Recently a representative from Ingle & Rhode visited several alluvial mines in the Jujuy province of Argentina – that’s up north, close to the high Andes at 12,000 feet and light years away from the glamour of a fine jewellery showroom. This was a chance to talk to the miners directly, share their lives briefly, and meet members of the EcoAndina foundation – a United Nations and NGO-funded mining operation which uses the ‘green gold’ trade to fund sustainable villages and support the local communities of the Puna plateau.
In the village of Misa Rumi (a dusty collection of houses, a church and a dirt football pitch) ‘Ingle & Rhode’ met Santo Martinez, 48, and his son Julian, 26. They had come to sell their gold to the EcoAndina Foundation.Santo and Julian work as a family group and split the proceeds. They know all about the value of their gold and have the option of selling to various traders, but they said they prefer to deal with EcoAndina. This is not just because they get a good price, it’s also due to the foundation’s involvement in several projects that are essential to the survival of their village.
The village just about exists. Llamas and goats are important; jobs pretty non existent; government social security is only £30 per family per month, so the cash from gold is important to keep the village viable. EcoAndina are also involved in providing solar power, and environmentally friendly agriculture – sustainable villages are their aim, not desolation and the human tragedy you see every night in the doorways of Buenos Aires.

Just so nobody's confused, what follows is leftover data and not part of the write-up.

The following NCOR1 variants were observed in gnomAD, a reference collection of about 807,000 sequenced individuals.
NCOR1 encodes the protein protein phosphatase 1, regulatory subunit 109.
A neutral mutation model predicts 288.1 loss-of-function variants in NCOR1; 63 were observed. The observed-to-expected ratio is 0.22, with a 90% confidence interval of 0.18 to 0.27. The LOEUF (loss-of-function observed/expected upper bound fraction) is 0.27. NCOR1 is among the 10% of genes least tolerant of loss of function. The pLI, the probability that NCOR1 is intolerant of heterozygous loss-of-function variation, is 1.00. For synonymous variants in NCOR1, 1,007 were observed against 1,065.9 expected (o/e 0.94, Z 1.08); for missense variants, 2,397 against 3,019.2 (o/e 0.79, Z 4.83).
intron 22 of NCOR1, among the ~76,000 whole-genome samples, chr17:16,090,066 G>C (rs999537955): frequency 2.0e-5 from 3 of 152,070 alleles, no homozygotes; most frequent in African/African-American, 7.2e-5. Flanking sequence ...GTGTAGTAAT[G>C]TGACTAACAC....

And so to the mines … These are a hike away in the bottom of a dried up gorge. The Martinez family workings are in a patch of river bed 6 yards wide by 30 long. At the gold-bearing layer the dirt looks pretty unconvincing – typical river deposits, rounded stones, grit and dirt. But a couple of shovel loads fill the pan, next they dip it in the water and start ‘gold panning’. First the stones are separated, then the lighter material is removed until after about ten minutes they are left with a little bit of mud in the bottom of the pan and perhaps … perhaps a tiny nugget of alluvial gold.
Large scale gold mining means stripping the land, crushing the ore, leaching out the gold with cyanide or mercury, and leaving behind poisoned and contaminated spoil. But all along the gorge at Misa Rumi small scale miners like the Martinez’s – proud self-employed groups of men, were washing out their gold, providing for their families and their communities.
Which gold would you prefer on your finger?
[PICTURED: I&R representative Ian Stoker meets the miners of Misa Rumi]